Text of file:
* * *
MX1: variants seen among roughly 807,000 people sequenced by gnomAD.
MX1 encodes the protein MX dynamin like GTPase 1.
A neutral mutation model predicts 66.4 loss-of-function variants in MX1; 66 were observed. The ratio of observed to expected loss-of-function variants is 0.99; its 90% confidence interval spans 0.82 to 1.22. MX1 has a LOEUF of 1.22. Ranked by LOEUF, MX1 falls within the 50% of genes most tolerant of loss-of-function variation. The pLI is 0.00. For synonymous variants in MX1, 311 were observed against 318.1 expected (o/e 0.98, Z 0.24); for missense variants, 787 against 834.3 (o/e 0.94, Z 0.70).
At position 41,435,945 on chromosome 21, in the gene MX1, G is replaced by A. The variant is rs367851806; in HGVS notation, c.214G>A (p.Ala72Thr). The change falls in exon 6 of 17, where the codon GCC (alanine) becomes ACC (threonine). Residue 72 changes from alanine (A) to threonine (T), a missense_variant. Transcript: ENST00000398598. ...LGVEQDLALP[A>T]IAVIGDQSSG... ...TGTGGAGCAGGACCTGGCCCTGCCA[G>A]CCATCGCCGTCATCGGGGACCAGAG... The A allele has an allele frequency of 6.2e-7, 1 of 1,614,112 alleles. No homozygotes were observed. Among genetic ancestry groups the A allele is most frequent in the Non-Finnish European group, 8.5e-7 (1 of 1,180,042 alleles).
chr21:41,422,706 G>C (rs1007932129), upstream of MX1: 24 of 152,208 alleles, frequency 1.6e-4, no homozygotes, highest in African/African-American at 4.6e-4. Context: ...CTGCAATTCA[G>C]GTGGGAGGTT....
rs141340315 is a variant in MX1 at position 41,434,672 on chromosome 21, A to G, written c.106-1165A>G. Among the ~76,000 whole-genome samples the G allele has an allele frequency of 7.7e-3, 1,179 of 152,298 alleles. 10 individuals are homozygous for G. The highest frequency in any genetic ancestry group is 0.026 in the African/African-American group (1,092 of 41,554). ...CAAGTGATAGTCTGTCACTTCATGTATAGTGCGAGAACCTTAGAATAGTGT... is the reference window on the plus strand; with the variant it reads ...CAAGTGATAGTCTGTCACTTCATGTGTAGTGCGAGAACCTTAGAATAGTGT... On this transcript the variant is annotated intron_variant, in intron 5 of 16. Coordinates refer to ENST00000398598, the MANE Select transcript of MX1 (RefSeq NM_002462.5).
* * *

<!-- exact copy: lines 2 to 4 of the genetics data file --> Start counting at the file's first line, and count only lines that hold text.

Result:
MX1 encodes the protein MX dynamin like GTPase 1.
A neutral mutation model predicts 66.4 loss-of-function variants in MX1; 66 were observed. The ratio of observed to expected loss-of-function variants is 0.99; its 90% confidence interval spans 0.82 to 1.22. MX1 has a LOEUF of 1.22. Ranked by LOEUF, MX1 falls within the 50% of genes most tolerant of loss-of-function variation. The pLI is 0.00. For synonymous variants in MX1, 311 were observed against 318.1 expected (o/e 0.98, Z 0.24); for missense variants, 787 against 834.3 (o/e 0.94, Z 0.70).
At position 41,435,945 on chromosome 21, in the gene MX1, G is replaced by A. The variant is rs367851806; in HGVS notation, c.214G>A (p.Ala72Thr). The change falls in exon 6 of 17, where the codon GCC (alanine) becomes ACC (threonine). Residue 72 changes from alanine (A) to threonine (T), a missense_variant. Transcript: ENST00000398598. ...LGVEQDLALP[A>T]IAVIGDQSSG... ...TGTGGAGCAGGACCTGGCCCTGCCA[G>A]CCATCGCCGTCATCGGGGACCAGAG... The A allele has an allele frequency of 6.2e-7, 1 of 1,614,112 alleles. No homozygotes were observed. Among genetic ancestry groups the A allele is most frequent in the Non-Finnish European group, 8.5e-7 (1 of 1,180,042 alleles).